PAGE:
The latest attack from the McCain camp is that Barack Obama has “played the race card” by suggesting that Republicans will attempt to place fear in voters by invoking his race. Obama denies suggesting this (even though it has been exactly what they’ve been doing). Keith Olbermann tackles this topic in a 9 minute segment on Countdown (It’s long but more illustrative than I could ever be–watch it).
Race card to the White House?
July 31: As the fallout from the McCain campaign’s “Celeb” attack ad continues, today’s attack du jour from McCain is the claim that Barack Obama is repeatedly playing the race card when he points out that John McCain wants voters to notice that he doesn’t look like past presidents. Newsweek’s Howard Fineman discusses.
The rules in place here seem to be “if I don’t say nigger–it isn’t racist”. However, no one agreed to these terms. Innuendo and inferences are not lost on most people. It’s disingenuous to try to deny the inherent message of the constant references to ” Barack Hussein Obama” is directly to his difference and possible jihadist stance. The Republican party does want you to fear Obama–he is an unknown. He’s brown and has a name that sounds Muslim so clearly he is some sort of threat. This is a *wink wink nudge nudge* he’s a nigger! cowardly move. If you have a problem with his race–say so. John McCain had absolutely no issue airing his racist leanings before he started running for President. Why stop showing your ass now? Because frankly, calling black people out for having the audacity to notice your racism is what modern day racists do. It’s cowardly and pointless. You know the point is his race, so do we. Failing to directly state that does not exempt you from getting called out–live with it. Own your prejudice and stop trying to pull the wool over our eyes.
My berometer of how useless an argument regarding race is is if there is a Tim Wise essay about it.
Wait, there is. “What kind of card is race?“
Precisely because white denial has long trumped claims of racism, people of color tend to underreport their experiences with racial bias, rather than exaggerate them. Again, when it comes to playing a race card, it is more accurate to say that whites are the dealers with the loaded decks, shooting down any evidence of racism as little more than the fantasies of unhinged blacks, unwilling to take personal responsibility for their own problems in life.
Nothing, absolutely nothing, has to do with race nowadays, in the eyes of white America writ large. But the obvious question is this: if we have never seen racism as a real problem, contemporary to the time in which the charges are being made, and if in all generations past we were obviously wrong to the point of mass delusion in thinking this way, what should lead us to conclude that now, at long last, we’ve become any more astute at discerning social reality than we were before? Why should we trust our own perceptions or instincts on the matter, when we have run up such an amazingly bad track record as observers of the world in which we live? In every era, black folks said they were the victims of racism and they were right. In every era, whites have said the problem was exaggerated, and we have been wrong.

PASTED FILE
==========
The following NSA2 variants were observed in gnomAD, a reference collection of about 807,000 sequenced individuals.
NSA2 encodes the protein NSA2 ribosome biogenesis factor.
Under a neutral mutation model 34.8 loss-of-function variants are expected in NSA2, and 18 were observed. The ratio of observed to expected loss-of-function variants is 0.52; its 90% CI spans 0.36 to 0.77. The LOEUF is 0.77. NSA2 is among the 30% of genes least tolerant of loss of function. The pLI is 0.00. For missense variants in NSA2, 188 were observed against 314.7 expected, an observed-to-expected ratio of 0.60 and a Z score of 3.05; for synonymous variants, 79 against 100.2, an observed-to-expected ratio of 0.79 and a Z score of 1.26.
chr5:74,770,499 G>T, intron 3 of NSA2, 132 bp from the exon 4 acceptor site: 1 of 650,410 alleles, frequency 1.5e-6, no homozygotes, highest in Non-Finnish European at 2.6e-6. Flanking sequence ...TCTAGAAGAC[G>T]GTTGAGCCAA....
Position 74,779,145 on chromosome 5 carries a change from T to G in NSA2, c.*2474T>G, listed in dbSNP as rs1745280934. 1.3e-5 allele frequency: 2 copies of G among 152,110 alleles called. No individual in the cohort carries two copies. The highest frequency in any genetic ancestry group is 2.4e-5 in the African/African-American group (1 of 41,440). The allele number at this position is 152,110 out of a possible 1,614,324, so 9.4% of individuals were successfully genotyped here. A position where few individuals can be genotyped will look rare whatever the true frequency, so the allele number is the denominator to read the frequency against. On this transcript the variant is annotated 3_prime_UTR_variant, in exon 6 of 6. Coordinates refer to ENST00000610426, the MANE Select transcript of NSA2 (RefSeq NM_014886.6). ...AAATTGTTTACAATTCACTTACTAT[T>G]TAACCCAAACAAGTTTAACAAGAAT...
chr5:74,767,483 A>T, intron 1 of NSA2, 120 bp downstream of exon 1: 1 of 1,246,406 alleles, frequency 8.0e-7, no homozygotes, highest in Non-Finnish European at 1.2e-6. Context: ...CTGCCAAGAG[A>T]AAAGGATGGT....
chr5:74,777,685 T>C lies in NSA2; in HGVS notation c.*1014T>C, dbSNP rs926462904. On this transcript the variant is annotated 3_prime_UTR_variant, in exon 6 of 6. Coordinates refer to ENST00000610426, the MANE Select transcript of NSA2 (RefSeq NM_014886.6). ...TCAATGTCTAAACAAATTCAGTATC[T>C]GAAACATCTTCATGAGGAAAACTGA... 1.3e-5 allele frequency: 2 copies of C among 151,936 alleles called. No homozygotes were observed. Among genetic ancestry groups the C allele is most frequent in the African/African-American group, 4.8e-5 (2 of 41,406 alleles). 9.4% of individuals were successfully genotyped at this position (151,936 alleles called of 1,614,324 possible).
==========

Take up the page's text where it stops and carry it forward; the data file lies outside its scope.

Unless we wish to conclude that black insight on the matter–which has never to this point failed them–has suddenly converted to irrationality, and that white irrationality has become insight (and are prepared to prove this transformation by way of some analytical framework to explain the process), then the best advice seems to be that which could have been offered in past decades and centuries: namely, if you want to know about whether or not racism is a problem, it would probably do you best to ask the folks who are its targets. They, after all, are the ones who must, as a matter of survival, learn what it is, and how and when it’s operating. We whites on the other hand, are the persons who have never had to know a thing about it, and who–for reasons psychological, philosophical and material–have always had a keen interest in covering it up.
In short, and let us be clear on it: race is not a card. It determines whom the dealer is, and who gets dealt.
Ooh so sorry John–try to come up with something a bit more original.
*MSNBC just had a Republican strategist on who claims that John McCain is running an upbeat, positive campaign…hm.